When teachers are often the primary adult adolescents will spend the majority of their day with, it is so important that teachers acknowledge and are aware of their students’ trauma. Based on the definition above, trauma is limiting, and can hinder students’ ability learn, be motivated, succeed, and/or build relationships. While students are not defined by their traumatic experiences, it shapes them into the person they are and changes them. However, as Kristin Souers says in her book, Fostering Resilient Learners, we are “not necessarily forever damaged,” as that part is up to us to act on (Souers, 2016, p. 137).

What Teachers CAN Do –

It’s important to know that oftentimes trauma manifests itself in the form of outbursts, fight, flight, or freeze responses. When this occurs, we need to try our best to depersonalize the situation because how they are acting or responding in a certain situation is not about us, but may just be in response to their trauma. While we as teachers can’t change the traumatic experiences of our students, we can love and support them where they are at through implementing simple, yet effective strategies in the classroom.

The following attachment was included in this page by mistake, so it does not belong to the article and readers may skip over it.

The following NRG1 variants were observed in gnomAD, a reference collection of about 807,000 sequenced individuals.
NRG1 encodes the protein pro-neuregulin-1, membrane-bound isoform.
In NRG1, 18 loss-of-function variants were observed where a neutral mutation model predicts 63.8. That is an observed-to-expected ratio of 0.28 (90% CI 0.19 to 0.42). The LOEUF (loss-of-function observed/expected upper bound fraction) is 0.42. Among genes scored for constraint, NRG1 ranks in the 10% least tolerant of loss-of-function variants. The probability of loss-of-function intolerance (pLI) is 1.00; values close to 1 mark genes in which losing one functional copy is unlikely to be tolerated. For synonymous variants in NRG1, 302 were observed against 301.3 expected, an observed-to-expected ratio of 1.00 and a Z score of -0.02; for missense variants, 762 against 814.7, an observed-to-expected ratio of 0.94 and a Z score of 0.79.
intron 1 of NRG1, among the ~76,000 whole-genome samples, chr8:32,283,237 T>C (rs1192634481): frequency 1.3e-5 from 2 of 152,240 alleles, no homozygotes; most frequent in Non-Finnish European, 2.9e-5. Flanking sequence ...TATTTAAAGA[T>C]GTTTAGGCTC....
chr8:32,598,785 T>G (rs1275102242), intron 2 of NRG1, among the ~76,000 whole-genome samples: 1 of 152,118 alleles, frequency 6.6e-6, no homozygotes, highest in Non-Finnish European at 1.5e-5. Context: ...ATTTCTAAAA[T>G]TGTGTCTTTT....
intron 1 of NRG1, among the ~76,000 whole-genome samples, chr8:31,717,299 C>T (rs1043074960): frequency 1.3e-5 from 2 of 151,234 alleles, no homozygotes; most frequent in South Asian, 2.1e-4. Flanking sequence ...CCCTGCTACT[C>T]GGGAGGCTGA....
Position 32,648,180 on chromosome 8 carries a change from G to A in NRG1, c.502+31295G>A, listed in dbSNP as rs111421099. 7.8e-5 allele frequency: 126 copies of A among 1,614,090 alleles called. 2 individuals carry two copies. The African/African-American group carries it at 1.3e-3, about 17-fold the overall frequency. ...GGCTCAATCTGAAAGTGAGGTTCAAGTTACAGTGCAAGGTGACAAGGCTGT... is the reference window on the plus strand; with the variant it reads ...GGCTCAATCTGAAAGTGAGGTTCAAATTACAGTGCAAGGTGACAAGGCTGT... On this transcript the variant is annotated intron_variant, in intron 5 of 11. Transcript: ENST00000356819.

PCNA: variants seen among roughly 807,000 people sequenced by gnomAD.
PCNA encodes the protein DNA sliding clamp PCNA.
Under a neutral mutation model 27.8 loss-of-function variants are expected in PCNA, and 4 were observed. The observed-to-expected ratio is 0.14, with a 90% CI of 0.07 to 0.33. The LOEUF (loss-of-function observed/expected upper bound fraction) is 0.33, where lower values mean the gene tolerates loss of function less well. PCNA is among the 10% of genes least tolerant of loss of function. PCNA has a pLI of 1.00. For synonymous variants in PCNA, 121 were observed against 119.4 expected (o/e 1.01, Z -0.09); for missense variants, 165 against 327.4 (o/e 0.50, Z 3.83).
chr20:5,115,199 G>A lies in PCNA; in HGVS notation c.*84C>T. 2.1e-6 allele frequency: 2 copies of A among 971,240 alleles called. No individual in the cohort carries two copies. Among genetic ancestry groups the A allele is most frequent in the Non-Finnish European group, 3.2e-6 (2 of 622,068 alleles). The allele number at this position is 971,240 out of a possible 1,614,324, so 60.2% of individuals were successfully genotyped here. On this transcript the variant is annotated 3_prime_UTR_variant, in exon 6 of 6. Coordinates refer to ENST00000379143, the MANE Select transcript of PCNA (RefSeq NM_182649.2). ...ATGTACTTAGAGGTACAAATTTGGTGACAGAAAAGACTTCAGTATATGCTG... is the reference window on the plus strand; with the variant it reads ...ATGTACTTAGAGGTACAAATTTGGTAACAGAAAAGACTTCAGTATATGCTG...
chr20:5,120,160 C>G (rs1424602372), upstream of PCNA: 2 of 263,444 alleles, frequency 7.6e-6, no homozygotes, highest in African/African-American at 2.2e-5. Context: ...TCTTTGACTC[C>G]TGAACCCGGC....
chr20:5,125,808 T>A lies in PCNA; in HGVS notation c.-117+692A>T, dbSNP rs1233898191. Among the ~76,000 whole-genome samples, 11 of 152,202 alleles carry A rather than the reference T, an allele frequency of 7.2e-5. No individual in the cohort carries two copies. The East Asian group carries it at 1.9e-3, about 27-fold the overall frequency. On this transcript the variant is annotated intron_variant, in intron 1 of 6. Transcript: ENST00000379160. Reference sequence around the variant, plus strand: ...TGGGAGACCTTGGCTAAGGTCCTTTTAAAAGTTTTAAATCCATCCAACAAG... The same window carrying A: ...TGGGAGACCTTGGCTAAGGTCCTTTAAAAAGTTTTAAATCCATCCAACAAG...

1. Communicate effectively with students through the 6 communication steps: listen, reassure, validate, respond, repair, resolve. We want to address each one in order to make our students feel seen and heard, instead of jumping to our own response or finding a quick “fix” to their problem.
  2. Identify triggers in students in order to avoid them and be aware of them. Common triggers in students and ourselves are things like exhaustion, previous bad experiences, challenges to our belief system, preconceived notions, and fear (Souers, 2016, p. 70-71). This is key to knowing our students, through identifying certain stimuli that may impact their behaviors or energy levels.
  3. Help ground students to regulate their “downstairs” brain. When students are driven by their emotions, their downstairs brain may have overcome their ability to think rationally or logically. When this happens, it is important that we help students learn how to ground themselves through breathing exercises and asking them questions to help them think rationally.